Age is only a number, what is significant is how old you feel, a speaker told participants at this year's Senior Center Masters Games kickoff breakfast Monday morning. The breakfast followed a fitness walk which got the two-week activities off to a ...
Age is only a number, what is significant is how old you feel, a speaker told participants at this year’s Senior Center Masters Games kickoff breakfast Monday morning.
The breakfast followed a fitness walk which got the two-week activities off to a good start despite an overcast sky and a chill in the air.
A variety of indoor and outdoor activities will continue through this Friday offering those 50 and older the opportunity to compete in hikes and games intended to get bodies moving as well as things like card games for those unable to compete in the more vigorous games.
Miami’s first field hockey coach, Lil Fesperman, was the speaker for the kickoff breakfast and she started off by saying she likes fall because of football, the start of school and the Masters Games.
“Age is a matter of feeling, not a matter of years,” she said, the posing a question, “How old would you feel you are if you did know how old you are?”
That prompted several in the audience to call out various ages until one voice said, “Teenager.”
That enthusiasm carried into the competitions, including a Tuesday afternoon bocce ball tournament on the TRI grounds.
The first game of the event eliminated a team of Jay Fry and Norma Schaner but not before they came from behind to force a tie where the final point would decide the game. One of the onlookers called out, “Nailbiter,” the which Schaner said, “I hate this.”
They were down early, came back to a 5-5 tie in a game played to 10 points. The team of Don Davis and Anne Morris-Hooke then went up 9-5, seemingly on their way to an easy win but Fry and Schaner kept taking single points each turn in a game where four balls are played and could potentially score four points on a turn. When it got to 9-9, however, the string ended and the Davis/Morris-Hooke duo prevailed.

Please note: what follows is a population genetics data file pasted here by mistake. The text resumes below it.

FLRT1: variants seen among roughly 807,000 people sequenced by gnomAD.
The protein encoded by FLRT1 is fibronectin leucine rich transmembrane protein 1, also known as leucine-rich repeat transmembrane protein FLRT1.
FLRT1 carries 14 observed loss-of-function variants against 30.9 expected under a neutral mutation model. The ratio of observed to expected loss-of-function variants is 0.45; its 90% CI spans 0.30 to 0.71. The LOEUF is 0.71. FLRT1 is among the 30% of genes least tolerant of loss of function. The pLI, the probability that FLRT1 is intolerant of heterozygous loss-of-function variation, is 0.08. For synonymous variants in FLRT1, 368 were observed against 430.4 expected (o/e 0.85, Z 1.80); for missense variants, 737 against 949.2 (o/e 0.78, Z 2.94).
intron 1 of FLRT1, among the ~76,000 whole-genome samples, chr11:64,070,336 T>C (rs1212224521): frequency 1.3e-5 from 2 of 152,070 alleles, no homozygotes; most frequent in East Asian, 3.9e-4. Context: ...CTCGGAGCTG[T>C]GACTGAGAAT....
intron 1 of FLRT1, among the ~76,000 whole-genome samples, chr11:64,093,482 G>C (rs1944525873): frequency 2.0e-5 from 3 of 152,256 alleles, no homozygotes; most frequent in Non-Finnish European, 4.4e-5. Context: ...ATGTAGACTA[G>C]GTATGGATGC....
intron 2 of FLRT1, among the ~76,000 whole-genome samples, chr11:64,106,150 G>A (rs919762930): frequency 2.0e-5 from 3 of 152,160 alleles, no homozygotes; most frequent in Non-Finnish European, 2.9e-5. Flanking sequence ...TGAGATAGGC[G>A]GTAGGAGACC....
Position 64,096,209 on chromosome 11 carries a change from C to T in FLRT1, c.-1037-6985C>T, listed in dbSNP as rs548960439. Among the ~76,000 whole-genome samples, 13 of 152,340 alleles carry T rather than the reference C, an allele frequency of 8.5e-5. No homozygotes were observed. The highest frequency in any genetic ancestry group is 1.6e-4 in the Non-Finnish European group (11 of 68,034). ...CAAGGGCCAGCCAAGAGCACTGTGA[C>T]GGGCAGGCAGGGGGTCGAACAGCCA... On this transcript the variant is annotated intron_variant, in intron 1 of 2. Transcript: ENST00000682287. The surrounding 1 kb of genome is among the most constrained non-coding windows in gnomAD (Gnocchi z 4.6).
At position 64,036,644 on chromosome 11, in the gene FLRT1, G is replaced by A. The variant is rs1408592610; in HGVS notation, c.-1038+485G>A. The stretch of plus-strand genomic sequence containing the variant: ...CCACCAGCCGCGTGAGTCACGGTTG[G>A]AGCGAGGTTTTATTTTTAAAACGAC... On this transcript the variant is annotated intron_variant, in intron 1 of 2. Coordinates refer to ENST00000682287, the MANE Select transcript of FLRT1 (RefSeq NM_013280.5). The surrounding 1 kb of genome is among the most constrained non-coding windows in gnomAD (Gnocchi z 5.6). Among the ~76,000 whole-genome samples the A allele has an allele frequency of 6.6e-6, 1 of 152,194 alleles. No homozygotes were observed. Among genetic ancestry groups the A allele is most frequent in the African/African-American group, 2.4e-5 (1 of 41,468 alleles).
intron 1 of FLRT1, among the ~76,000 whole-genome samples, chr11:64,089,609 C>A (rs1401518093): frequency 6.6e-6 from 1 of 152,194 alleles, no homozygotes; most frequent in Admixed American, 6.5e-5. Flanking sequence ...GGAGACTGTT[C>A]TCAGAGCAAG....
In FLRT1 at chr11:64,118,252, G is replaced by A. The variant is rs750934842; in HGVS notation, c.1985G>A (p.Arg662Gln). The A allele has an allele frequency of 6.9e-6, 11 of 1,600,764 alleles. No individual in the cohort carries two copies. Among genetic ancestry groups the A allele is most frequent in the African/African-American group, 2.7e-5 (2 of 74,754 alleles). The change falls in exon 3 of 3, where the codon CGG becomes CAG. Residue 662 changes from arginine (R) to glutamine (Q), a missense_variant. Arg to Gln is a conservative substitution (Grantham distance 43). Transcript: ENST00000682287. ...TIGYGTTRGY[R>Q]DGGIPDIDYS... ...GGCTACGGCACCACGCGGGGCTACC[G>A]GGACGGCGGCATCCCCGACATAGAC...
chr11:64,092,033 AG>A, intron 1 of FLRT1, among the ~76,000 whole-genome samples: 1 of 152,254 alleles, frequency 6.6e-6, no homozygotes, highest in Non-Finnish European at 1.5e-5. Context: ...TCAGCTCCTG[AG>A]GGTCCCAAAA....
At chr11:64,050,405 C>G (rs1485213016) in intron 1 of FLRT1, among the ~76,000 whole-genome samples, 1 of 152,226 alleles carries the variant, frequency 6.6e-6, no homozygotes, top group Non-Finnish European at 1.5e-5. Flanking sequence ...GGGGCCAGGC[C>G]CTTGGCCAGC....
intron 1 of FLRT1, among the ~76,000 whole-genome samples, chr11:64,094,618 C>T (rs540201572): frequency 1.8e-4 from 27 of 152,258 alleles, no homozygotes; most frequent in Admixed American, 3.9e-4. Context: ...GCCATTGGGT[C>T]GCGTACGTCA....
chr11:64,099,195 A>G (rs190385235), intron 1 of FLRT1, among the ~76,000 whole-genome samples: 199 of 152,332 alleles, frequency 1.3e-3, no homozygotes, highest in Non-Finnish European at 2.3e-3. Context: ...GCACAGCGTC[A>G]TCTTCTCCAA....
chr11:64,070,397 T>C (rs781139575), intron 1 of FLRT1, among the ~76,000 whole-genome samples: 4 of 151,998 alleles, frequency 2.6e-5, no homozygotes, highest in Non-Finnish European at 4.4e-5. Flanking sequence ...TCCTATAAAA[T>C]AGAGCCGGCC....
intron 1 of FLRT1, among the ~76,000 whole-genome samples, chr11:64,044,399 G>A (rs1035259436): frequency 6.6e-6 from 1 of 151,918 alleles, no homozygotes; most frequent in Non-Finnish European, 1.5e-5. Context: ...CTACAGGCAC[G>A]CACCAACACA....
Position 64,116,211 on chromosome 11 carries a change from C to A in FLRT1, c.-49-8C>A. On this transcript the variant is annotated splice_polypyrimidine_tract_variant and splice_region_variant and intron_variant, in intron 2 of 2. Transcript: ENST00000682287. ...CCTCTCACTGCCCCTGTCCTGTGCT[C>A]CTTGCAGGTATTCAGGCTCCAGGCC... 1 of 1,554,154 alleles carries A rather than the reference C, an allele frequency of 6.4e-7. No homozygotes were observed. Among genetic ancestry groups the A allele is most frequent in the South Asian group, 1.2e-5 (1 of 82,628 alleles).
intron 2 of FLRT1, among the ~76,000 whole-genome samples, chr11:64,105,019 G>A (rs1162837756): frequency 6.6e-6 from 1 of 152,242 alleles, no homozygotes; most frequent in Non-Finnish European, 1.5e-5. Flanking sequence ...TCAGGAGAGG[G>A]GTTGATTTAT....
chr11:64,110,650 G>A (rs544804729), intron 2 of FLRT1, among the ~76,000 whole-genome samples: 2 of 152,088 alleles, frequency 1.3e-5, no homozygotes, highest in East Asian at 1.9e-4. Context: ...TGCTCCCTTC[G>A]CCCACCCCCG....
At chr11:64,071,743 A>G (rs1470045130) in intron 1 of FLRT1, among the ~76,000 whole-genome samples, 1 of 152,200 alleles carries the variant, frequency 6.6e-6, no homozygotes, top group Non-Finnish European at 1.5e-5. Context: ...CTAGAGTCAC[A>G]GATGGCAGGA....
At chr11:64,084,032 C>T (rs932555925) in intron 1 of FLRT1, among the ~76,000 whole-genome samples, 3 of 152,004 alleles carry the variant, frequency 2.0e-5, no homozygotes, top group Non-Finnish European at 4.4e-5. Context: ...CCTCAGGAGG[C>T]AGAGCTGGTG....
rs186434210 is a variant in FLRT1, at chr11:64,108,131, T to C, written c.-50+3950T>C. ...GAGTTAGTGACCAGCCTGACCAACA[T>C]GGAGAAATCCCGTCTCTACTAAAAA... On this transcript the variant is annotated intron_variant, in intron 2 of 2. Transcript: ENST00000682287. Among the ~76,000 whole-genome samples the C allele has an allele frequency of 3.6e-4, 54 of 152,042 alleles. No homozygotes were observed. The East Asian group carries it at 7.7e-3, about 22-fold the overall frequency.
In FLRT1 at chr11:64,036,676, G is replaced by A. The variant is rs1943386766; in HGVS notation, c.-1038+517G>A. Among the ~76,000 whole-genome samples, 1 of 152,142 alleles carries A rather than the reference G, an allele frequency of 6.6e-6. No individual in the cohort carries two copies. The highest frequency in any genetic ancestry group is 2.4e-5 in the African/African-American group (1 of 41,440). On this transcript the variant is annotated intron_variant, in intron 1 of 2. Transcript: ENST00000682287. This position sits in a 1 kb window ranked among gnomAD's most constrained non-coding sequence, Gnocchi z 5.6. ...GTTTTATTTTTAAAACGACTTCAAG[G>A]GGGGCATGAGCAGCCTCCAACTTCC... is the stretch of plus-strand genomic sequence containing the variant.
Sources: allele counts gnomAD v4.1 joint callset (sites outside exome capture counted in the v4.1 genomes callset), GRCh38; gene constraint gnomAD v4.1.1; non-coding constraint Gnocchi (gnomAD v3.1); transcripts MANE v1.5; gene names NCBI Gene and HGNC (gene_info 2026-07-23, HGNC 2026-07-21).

“I play this once a year for three years,” Schaner said with a smile.
The winning team in that game went on to finish in a two-way tie for third place with a team made up of Loma Wynn and Lucy Herndon.
Winning the tournament were Jim “Woody” Woodruff and Evelyn Coltharp who opened their afternoon competition with a close game which eliminated the Davis/Morris-Hooke team.
Finishing in second place for the bocce ball tournament were Dana Vaughn and Elizabeth Foley. They started out with a relatively easy 10-5 win over Wynn/Herndon helped by some nice scoring by Foley who won the game with three points on her final turn.
“I played a lot in Florida, but not on this kind of grass,” Foley said.
Players found the grass rather long due to not getting the lawn mowed after all the recent rain but they had fun and played a competitive tournament.
It was the kind of event envisioned by Fesperman a day earlier at the kickoff with a group of friends gathering for a single purpose but talking, enjoying the time together and joking with each other.
“The Masters Games allow us to do things together,” she had said. “Every time I walk into the Senior Center, there are people doing things in groups.”
She had hearkened back to memories of doing things together as kids—making Christmas tree forts, watching a black-and-white television with no remote. She said regular exercise is good for health and the center and the games work to do that.
“Some people are old at 20. Some people are young at 90,” Fesperman said. “I don’t think of myself as elderly. I can pretty much do what I want to do when I want to do it. I’m truly grateful for not feeling my age.”
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